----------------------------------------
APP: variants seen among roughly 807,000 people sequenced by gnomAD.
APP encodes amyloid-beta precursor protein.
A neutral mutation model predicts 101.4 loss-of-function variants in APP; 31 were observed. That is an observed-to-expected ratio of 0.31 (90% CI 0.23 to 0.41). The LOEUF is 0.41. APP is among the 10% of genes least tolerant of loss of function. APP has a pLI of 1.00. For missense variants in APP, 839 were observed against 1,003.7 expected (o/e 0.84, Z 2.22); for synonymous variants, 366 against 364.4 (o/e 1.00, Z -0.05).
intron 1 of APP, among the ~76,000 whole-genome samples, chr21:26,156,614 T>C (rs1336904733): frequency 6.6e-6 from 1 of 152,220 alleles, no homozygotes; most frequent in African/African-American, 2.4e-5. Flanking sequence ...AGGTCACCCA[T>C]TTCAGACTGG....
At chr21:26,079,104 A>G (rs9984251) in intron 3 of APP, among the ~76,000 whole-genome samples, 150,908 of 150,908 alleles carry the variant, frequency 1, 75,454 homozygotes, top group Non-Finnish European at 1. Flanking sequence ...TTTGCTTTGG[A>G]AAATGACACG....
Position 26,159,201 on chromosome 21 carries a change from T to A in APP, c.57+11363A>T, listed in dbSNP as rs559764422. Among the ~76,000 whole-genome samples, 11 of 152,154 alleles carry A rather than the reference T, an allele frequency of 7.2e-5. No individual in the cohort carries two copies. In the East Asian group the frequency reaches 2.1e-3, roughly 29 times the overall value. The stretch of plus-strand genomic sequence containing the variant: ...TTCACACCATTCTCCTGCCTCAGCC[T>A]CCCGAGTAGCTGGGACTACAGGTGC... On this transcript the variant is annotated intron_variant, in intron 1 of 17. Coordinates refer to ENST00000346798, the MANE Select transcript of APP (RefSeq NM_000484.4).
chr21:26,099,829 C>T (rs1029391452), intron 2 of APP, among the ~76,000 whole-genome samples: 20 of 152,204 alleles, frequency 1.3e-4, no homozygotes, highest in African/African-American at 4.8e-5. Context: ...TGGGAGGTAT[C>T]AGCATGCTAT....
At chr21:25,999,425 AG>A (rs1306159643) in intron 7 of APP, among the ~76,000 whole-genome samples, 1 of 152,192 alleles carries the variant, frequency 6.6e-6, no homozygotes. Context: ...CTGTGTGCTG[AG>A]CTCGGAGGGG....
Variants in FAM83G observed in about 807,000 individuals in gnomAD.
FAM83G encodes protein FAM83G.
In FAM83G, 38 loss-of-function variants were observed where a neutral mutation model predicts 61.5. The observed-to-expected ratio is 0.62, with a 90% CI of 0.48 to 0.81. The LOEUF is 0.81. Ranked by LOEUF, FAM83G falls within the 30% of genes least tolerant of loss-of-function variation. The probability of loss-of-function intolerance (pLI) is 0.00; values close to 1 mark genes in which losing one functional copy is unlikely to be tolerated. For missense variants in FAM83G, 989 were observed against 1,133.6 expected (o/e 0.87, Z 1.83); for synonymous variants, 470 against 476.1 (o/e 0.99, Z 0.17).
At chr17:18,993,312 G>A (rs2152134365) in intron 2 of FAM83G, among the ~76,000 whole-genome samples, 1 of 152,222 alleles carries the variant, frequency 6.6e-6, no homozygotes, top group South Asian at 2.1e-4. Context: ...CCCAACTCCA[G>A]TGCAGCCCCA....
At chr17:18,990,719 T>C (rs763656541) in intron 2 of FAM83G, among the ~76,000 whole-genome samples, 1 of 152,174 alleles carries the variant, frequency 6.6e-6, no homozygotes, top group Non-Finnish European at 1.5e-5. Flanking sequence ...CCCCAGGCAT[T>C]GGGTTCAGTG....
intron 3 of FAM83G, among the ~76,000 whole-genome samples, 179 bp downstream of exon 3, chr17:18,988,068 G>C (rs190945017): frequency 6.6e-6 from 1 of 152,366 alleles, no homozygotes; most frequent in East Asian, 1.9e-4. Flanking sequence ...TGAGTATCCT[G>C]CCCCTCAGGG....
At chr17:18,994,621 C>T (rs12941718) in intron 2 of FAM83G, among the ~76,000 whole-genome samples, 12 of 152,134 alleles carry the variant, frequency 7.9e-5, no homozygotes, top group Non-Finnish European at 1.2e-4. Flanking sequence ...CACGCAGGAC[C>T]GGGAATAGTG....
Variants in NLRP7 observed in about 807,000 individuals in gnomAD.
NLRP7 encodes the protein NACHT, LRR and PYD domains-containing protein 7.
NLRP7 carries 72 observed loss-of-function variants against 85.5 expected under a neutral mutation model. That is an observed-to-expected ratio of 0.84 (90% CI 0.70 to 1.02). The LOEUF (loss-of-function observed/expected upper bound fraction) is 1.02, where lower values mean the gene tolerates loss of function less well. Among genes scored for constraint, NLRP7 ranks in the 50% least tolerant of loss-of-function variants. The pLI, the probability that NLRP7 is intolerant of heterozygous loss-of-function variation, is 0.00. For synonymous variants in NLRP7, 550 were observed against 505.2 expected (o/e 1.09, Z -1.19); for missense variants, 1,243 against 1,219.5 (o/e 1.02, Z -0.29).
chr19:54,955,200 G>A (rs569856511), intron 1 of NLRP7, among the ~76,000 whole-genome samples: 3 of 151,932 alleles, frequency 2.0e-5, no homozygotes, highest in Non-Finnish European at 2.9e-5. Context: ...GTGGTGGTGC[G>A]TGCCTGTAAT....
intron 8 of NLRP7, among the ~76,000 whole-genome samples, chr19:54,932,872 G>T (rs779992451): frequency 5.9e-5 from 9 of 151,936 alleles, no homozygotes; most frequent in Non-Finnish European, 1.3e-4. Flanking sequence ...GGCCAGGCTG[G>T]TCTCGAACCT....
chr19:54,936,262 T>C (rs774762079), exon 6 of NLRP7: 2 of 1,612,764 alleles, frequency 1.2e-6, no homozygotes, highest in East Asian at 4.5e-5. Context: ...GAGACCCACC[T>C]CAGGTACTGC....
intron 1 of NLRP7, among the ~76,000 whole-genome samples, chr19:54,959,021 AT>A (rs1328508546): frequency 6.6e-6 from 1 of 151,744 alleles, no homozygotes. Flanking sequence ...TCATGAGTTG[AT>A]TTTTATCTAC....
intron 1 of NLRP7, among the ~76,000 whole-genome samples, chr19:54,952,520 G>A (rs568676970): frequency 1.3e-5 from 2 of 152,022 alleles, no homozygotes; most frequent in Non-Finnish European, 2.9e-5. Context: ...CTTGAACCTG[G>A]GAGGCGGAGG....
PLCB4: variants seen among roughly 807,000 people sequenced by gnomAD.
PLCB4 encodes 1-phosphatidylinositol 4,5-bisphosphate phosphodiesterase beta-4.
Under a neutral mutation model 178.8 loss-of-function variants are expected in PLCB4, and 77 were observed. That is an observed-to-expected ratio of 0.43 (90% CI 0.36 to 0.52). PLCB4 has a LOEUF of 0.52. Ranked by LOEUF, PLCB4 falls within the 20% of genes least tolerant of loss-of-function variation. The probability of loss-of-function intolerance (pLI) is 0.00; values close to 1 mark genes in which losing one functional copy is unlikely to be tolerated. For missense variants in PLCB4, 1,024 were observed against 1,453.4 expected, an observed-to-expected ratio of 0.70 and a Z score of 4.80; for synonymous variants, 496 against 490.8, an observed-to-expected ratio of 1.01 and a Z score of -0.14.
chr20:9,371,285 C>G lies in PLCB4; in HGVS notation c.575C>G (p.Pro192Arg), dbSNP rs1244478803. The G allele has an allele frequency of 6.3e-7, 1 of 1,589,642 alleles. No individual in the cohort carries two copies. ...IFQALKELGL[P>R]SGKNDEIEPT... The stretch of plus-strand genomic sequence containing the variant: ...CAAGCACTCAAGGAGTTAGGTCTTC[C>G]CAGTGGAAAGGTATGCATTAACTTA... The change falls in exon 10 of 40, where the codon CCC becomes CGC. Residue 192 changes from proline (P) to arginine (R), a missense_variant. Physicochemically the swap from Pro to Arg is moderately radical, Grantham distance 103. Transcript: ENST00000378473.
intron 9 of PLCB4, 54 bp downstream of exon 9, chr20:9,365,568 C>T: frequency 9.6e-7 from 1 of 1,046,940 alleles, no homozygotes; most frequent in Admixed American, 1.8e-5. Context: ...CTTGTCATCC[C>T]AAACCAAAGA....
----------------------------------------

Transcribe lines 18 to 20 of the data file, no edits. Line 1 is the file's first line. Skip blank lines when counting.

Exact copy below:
NLRP7 carries 72 observed loss-of-function variants against 85.5 expected under a neutral mutation model. That is an observed-to-expected ratio of 0.84 (90% CI 0.70 to 1.02). The LOEUF (loss-of-function observed/expected upper bound fraction) is 1.02, where lower values mean the gene tolerates loss of function less well. Among genes scored for constraint, NLRP7 ranks in the 50% least tolerant of loss-of-function variants. The pLI, the probability that NLRP7 is intolerant of heterozygous loss-of-function variation, is 0.00. For synonymous variants in NLRP7, 550 were observed against 505.2 expected (o/e 1.09, Z -1.19); for missense variants, 1,243 against 1,219.5 (o/e 1.02, Z -0.29).
chr19:54,955,200 G>A (rs569856511), intron 1 of NLRP7, among the ~76,000 whole-genome samples: 3 of 151,932 alleles, frequency 2.0e-5, no homozygotes, highest in Non-Finnish European at 2.9e-5. Context: ...GTGGTGGTGC[G>A]TGCCTGTAAT....
intron 8 of NLRP7, among the ~76,000 whole-genome samples, chr19:54,932,872 G>T (rs779992451): frequency 5.9e-5 from 9 of 151,936 alleles, no homozygotes; most frequent in Non-Finnish European, 1.3e-4. Flanking sequence ...GGCCAGGCTG[G>T]TCTCGAACCT....